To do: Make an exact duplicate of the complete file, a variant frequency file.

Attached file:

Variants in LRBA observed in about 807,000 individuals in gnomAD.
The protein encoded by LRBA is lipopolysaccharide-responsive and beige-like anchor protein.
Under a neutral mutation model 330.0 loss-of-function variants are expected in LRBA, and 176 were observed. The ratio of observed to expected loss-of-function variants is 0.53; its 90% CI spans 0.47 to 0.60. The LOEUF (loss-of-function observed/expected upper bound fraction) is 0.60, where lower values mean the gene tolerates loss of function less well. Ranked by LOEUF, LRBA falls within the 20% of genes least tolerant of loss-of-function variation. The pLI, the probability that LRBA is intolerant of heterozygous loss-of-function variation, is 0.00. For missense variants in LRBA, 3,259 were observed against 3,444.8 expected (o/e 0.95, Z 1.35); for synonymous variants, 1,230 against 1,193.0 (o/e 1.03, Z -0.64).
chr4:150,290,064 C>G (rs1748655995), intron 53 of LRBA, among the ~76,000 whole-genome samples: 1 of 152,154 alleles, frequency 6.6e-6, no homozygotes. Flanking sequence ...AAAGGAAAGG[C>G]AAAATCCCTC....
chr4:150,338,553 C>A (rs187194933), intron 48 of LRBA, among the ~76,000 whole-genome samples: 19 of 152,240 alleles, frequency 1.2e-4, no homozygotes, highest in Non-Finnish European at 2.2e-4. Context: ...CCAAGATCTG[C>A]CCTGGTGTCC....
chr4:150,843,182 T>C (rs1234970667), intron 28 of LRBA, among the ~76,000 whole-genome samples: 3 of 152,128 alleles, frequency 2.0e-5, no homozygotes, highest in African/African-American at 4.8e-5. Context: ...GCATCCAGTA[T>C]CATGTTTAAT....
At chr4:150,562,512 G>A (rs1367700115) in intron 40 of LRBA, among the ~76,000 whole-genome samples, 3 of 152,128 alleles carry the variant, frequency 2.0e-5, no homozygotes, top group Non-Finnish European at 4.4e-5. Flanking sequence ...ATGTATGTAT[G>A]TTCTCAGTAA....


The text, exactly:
Variants in LRBA observed in about 807,000 individuals in gnomAD.
The protein encoded by LRBA is lipopolysaccharide-responsive and beige-like anchor protein.
Under a neutral mutation model 330.0 loss-of-function variants are expected in LRBA, and 176 were observed. The ratio of observed to expected loss-of-function variants is 0.53; its 90% CI spans 0.47 to 0.60. The LOEUF (loss-of-function observed/expected upper bound fraction) is 0.60, where lower values mean the gene tolerates loss of function less well. Ranked by LOEUF, LRBA falls within the 20% of genes least tolerant of loss-of-function variation. The pLI, the probability that LRBA is intolerant of heterozygous loss-of-function variation, is 0.00. For missense variants in LRBA, 3,259 were observed against 3,444.8 expected (o/e 0.95, Z 1.35); for synonymous variants, 1,230 against 1,193.0 (o/e 1.03, Z -0.64).
chr4:150,290,064 C>G (rs1748655995), intron 53 of LRBA, among the ~76,000 whole-genome samples: 1 of 152,154 alleles, frequency 6.6e-6, no homozygotes. Flanking sequence ...AAAGGAAAGG[C>G]AAAATCCCTC....
chr4:150,338,553 C>A (rs187194933), intron 48 of LRBA, among the ~76,000 whole-genome samples: 19 of 152,240 alleles, frequency 1.2e-4, no homozygotes, highest in Non-Finnish European at 2.2e-4. Context: ...CCAAGATCTG[C>A]CCTGGTGTCC....
chr4:150,843,182 T>C (rs1234970667), intron 28 of LRBA, among the ~76,000 whole-genome samples: 3 of 152,128 alleles, frequency 2.0e-5, no homozygotes, highest in African/African-American at 4.8e-5. Context: ...GCATCCAGTA[T>C]CATGTTTAAT....
At chr4:150,562,512 G>A (rs1367700115) in intron 40 of LRBA, among the ~76,000 whole-genome samples, 3 of 152,128 alleles carry the variant, frequency 2.0e-5, no homozygotes, top group Non-Finnish European at 4.4e-5. Flanking sequence ...ATGTATGTAT[G>A]TTCTCAGTAA....